I would suggest talking to your partner, or even a friend or family member. Right now, because of lockdown, it sounds like your partner is going to be the one that might step up for you – even if it means taking care of the kids somewhere else in the house while you’re in a different room. Because we can’t go out much; we’re very limited now. But that might be something that really helps, even if it’s just on the weekend. I would definitely start chatting with him, letting him know how you feel. We do have to be very forthcoming with our needs.

Question 2: How do I manage with a new baby and no company or support?

Sarah asks: “I’m a first-time mum with a three-week-old baby. Because of the social distancing and the lockdown that’s going on, I really have been at home with bub all the time. My partner has been on leave with me and is due to go back to work next week. Originally my mother was going to come and help out, but now she needs to stay away to keep everyone safe. I’m really worried that I’m going to struggle here on my own without any way of getting support or company in the day. What advice do you have?”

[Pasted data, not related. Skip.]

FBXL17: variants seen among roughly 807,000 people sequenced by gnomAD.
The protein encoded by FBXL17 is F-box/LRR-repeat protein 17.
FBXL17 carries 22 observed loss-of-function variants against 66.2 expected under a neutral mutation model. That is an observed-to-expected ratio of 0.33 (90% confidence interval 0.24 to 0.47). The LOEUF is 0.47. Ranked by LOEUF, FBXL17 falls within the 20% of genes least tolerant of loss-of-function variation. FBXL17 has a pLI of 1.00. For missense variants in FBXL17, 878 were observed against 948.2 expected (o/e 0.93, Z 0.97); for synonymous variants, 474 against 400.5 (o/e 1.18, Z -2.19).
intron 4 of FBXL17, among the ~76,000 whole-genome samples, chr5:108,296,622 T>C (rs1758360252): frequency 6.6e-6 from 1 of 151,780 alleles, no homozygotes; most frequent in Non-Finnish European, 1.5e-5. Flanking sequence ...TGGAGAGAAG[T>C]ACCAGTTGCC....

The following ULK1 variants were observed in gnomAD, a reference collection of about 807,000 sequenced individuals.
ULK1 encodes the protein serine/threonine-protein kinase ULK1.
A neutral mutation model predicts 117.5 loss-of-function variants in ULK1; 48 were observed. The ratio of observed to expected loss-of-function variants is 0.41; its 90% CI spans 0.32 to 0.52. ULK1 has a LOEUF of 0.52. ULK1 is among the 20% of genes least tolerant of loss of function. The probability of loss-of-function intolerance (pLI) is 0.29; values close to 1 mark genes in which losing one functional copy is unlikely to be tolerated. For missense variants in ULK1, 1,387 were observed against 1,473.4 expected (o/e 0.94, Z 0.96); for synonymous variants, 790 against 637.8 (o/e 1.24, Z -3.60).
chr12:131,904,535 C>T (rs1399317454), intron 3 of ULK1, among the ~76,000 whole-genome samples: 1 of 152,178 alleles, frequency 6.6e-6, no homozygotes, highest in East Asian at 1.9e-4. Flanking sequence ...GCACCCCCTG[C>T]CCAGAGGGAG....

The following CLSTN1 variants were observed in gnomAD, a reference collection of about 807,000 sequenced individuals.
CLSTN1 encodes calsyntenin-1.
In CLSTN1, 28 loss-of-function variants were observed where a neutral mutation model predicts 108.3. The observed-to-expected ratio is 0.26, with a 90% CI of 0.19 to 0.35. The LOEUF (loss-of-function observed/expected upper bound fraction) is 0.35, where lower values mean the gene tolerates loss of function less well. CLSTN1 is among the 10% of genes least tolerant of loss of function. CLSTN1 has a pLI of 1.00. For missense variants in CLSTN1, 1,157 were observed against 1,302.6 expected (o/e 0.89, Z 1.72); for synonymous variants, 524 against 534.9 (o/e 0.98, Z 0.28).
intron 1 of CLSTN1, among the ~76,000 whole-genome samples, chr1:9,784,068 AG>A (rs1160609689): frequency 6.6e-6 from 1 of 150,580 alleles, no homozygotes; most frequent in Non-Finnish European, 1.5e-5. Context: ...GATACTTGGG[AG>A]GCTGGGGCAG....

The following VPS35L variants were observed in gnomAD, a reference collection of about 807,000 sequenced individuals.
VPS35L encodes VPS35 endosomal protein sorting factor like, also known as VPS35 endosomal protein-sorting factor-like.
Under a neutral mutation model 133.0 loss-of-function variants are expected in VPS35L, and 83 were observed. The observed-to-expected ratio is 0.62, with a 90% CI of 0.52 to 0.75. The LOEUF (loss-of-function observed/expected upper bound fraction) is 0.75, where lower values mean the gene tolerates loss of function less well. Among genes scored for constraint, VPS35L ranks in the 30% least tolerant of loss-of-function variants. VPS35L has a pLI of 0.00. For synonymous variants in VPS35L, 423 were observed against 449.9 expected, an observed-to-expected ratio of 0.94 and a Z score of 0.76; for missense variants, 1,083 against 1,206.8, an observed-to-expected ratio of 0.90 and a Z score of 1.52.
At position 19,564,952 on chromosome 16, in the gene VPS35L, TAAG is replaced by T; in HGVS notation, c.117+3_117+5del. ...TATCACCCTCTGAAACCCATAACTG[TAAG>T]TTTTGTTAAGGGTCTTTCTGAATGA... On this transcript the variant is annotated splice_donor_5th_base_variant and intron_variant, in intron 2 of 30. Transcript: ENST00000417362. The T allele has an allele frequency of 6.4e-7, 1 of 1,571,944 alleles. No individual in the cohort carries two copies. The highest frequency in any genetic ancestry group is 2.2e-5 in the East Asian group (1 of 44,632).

Karina says: Like most of us, it might be time to really utilize the virtual world. Sometimes connecting with someone online can be the support you need to carry on because when you’re just with a baby, even though you have the company of a human, it’s not the same as actually connecting, or talking.

I would say, help your mum or your mother-in-law to set up FaceTime or Messenger, or whatever it is, so you can do some video calls. It could be just for the three of you or you can bring other people on the call. I’ve had to do this with my mum, and that could be something that would be really useful for you.

And same goes with parents’ groups. I’m not sure what’s happening with yours, but there are so many groups online. I would definitely say to put yourself out there, get out there and meet people. It doesn’t matter if the connection is in the room with you, as long as it’s someone who is there, listening to you. I think that will really help.

Question 3: Do you have any tips for avoiding postnatal depression? 

Aspen asks: “I’m due with baby number two in eight weeks. With my first baby, I suffered a bit of postnatal depression in the first couple of months and now I’m really trying to build myself a bit of a toolkit to try to prevent this from happening again. I know how to recognize the signs now, but I’m wondering if you have any tips on how to stop it in the first place?”